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Research organizations face challenges in creating infrastructures that cultivates and sustains interdisciplinary team science. The objective of this paper is to identify structural elements of organizations and training that promote team science.
We qualitatively analyzed the National Institutes of Health’s Building Interdisciplinary Research Careers in Women’s Health, K12 using organizational psychology and team science theories to identify organizational design factors for successful team science and training.
Seven key design elements support team science: (1) semiformal meta-organizational structure, (2) shared context and goals, (3) formal evaluation processes, (4) meetings to promote communication, (5) role clarity in mentoring, (6) building interpersonal competencies among faculty and trainees, and (7) designing promotion and tenure and other organizational processes to support interdisciplinary team science.
This application of theory to a long-standing and successful program provides important foundational elements for programs and institutions to consider in promoting team science.
Several studies demonstrating that central line–associated bloodstream infections (CLABSIs) are preventable prompted a national initiative to reduce the incidence of these infections.
We conducted a collaborative cohort study to evaluate the impact of the national “On the CUSP: Stop BSI” program on CLABSI rates among participating adult intensive care units (ICUs). The program goal was to achieve a unit-level mean CLABSI rate of less than 1 case per 1,000 catheter-days using standardized definitions from the National Healthcare Safety Network. Multilevel Poisson regression modeling compared infection rates before, during, and up to 18 months after the intervention was implemented.
A total of 1,071 ICUs from 44 states, the District of Columbia, and Puerto Rico, reporting 27,153 ICU-months and 4,454,324 catheter-days of data, were included in the analysis. The overall mean CLABSI rate significantly decreased from 1.96 cases per 1,000 catheter-days at baseline to 1.15 at 16–18 months after implementation. CLABSI rates decreased during all observation periods compared with baseline, with adjusted incidence rate ratios steadily decreasing to 0.57 (95% confidence intervals, 0.50–0.65) at 16–18 months after implementation.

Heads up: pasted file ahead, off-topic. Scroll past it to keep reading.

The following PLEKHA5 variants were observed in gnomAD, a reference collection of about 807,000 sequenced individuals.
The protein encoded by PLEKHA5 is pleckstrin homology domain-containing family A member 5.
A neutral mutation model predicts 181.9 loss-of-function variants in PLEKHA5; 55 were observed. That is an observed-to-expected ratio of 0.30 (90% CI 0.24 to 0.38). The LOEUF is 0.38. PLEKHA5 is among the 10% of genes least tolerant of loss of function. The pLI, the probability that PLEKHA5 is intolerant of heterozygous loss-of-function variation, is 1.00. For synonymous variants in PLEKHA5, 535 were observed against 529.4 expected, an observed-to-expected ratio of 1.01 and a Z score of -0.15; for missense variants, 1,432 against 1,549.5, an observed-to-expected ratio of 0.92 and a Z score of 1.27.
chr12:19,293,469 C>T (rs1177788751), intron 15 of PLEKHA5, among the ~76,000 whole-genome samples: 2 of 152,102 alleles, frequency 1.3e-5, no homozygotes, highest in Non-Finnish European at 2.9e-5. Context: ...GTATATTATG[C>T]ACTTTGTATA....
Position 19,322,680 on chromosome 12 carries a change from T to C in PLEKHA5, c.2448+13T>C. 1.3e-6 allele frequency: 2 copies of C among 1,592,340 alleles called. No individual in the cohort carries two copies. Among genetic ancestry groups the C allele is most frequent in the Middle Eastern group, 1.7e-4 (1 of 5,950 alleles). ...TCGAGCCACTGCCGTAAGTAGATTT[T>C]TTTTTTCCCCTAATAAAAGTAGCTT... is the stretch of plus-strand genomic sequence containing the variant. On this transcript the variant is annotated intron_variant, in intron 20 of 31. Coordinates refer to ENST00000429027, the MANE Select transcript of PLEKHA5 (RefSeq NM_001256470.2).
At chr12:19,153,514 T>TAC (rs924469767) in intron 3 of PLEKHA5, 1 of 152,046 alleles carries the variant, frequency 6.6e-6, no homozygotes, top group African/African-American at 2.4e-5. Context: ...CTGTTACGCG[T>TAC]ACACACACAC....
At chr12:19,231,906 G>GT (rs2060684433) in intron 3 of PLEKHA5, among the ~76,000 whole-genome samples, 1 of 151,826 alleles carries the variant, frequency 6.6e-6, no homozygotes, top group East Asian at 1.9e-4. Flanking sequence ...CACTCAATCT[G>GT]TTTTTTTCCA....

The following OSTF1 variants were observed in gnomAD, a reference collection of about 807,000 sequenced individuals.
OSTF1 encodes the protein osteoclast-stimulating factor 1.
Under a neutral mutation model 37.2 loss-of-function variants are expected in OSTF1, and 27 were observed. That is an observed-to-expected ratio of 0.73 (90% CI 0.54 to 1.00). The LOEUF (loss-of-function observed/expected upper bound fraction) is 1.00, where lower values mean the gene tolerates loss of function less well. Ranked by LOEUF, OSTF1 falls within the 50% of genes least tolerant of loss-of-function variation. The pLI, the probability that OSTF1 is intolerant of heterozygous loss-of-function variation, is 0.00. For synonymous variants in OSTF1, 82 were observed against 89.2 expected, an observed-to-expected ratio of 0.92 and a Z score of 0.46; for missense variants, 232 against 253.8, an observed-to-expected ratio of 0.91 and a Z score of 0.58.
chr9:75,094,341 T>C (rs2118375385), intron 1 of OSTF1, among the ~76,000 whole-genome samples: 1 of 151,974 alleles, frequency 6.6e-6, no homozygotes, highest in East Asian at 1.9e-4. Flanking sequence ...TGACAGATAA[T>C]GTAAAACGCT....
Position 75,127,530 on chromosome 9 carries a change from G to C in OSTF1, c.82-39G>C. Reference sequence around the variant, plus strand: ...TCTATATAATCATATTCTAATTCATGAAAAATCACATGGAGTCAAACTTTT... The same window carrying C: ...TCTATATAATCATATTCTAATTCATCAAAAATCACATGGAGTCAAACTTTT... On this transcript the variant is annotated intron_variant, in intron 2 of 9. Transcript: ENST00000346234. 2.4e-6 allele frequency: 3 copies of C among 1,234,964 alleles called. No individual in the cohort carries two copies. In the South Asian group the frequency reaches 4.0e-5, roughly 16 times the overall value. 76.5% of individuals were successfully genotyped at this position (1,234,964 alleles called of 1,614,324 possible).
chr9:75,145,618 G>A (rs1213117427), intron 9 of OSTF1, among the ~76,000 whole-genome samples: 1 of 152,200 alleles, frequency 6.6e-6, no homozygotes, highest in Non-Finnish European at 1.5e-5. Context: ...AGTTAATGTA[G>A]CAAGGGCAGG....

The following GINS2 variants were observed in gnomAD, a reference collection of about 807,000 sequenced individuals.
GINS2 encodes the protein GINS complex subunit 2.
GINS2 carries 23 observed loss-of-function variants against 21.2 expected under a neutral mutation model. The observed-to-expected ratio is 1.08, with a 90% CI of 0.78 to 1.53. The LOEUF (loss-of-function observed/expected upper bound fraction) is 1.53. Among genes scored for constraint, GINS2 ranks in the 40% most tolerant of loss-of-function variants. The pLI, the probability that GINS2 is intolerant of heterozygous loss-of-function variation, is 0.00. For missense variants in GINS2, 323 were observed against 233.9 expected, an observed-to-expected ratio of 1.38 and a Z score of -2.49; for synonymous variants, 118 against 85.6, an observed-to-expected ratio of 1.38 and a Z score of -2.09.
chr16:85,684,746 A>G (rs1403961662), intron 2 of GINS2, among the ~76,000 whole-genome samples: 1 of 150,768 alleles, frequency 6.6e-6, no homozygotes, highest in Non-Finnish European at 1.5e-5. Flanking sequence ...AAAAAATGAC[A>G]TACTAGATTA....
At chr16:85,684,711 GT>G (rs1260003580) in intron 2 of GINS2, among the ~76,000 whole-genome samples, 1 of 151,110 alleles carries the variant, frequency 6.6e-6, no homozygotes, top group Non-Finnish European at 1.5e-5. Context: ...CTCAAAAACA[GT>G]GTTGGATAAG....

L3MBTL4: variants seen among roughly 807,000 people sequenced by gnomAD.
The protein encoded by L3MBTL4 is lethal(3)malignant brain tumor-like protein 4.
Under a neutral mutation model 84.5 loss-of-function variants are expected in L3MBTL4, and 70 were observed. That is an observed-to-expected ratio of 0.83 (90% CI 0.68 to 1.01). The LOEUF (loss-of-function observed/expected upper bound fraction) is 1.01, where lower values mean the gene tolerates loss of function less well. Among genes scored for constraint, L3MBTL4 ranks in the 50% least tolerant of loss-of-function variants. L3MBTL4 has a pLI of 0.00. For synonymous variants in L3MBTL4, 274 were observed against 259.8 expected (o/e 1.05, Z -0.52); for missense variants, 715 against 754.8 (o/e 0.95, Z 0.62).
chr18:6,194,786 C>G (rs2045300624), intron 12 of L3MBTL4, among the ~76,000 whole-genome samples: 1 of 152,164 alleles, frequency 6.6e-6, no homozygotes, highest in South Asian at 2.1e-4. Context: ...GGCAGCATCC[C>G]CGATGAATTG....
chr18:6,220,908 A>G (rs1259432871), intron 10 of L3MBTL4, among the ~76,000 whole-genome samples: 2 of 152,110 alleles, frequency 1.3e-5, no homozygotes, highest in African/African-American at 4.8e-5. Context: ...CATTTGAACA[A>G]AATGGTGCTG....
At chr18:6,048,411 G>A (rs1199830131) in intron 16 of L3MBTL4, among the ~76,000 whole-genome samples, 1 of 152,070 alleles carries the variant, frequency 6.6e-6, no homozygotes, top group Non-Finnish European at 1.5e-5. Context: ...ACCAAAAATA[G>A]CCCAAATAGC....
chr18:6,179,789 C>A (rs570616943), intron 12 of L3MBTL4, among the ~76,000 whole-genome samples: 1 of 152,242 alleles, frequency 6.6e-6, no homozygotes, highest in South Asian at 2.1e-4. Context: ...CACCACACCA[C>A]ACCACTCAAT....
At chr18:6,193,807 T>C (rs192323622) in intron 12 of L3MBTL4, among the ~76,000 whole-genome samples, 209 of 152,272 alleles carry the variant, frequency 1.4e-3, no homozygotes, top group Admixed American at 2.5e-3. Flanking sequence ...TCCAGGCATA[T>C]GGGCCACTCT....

Coincident with the implementation of the national “On the CUSP: Stop BSI” program was a significant and sustained decrease in CLABSIs among a large and diverse cohort of ICUs, demonstrating an overall 43% decrease and suggesting the majority of ICUs in the United States can achieve additional reductions in CLABSI rates.
We are glad that Sharer et al. (this issue) have dropped their original claim that the INAA data demonstrate multidirectional movement of Early Formative pottery. Beyond this, however, they offer nothing that might enhance understanding of Early Formative ceramic circulation or inspire new insights into Early Formative cultural evolution in Mesoamerica. Instead, their response contains fresh distortions, replications of mistakes made in their PNAS articles, and lengthy passages that are irrelevant to the issues raised by Neff et al. (this issue). We correct and recorrect their latest distortions and misunderstandings here. Besides showing why their discussion of ceramic sourcing repeatedly misses the mark, we also correct a number of erroneous assertions about the archaeology of Olmec San Lorenzo. New evidence deepens understanding of Early Formative Mesoamerica but requires that some researchers discard cherished beliefs.
A recent study of Early Formative Mesoamerican pottery by instrumental neutron activation analysis (INAA) yielded surprising results that prompted two critiques in the Proceedings of the National Academy of Sciences. The INAA study indicated that the Olmec center of San Lorenzo was a major exporter of carved-incised and white pottery and that little if any pottery made elsewhere was consumed at San Lorenzo. The critiques purport to "overturn" the INAA study and demonstrate a more balanced exchange of pottery among Early Formative centers. However, the critiques rely on a series of mistaken claims and misunderstandings that are addressed here. New petrographic data on a small sample of Early Formative pottery (Stoltman et al. 2005) are potentially useful, but they do not overturn INAA of nearly 1000 pottery samples and hundreds of raw material samples.
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